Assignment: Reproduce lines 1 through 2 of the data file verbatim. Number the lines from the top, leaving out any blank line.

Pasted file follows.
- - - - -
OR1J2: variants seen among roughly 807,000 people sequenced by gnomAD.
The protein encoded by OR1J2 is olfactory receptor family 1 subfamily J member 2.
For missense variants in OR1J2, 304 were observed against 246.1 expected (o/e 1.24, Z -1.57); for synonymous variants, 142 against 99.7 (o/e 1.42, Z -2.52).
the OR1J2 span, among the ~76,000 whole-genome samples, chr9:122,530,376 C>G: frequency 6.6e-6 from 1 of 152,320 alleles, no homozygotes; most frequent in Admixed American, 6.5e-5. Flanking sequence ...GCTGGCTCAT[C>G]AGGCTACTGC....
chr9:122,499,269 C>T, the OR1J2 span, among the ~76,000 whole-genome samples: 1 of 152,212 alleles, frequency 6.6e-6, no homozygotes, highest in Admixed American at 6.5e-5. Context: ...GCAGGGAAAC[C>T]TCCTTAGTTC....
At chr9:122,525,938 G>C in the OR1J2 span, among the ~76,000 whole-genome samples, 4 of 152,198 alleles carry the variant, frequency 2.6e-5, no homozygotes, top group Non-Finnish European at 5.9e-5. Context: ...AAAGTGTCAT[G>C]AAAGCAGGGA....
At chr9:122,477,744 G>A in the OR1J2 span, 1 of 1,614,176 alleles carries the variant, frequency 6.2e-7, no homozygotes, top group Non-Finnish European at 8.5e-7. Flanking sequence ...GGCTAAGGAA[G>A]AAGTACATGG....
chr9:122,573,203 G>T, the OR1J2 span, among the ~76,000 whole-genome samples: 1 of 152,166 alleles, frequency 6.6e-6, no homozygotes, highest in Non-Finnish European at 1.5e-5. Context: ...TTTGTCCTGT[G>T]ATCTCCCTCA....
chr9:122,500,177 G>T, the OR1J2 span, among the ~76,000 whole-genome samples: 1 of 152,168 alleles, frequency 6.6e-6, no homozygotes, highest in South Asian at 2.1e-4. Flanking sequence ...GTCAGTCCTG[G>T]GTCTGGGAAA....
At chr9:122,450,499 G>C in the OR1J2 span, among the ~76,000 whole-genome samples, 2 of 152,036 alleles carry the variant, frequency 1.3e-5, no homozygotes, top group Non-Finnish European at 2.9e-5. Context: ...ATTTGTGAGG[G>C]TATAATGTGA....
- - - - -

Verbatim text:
OR1J2: variants seen among roughly 807,000 people sequenced by gnomAD.
The protein encoded by OR1J2 is olfactory receptor family 1 subfamily J member 2.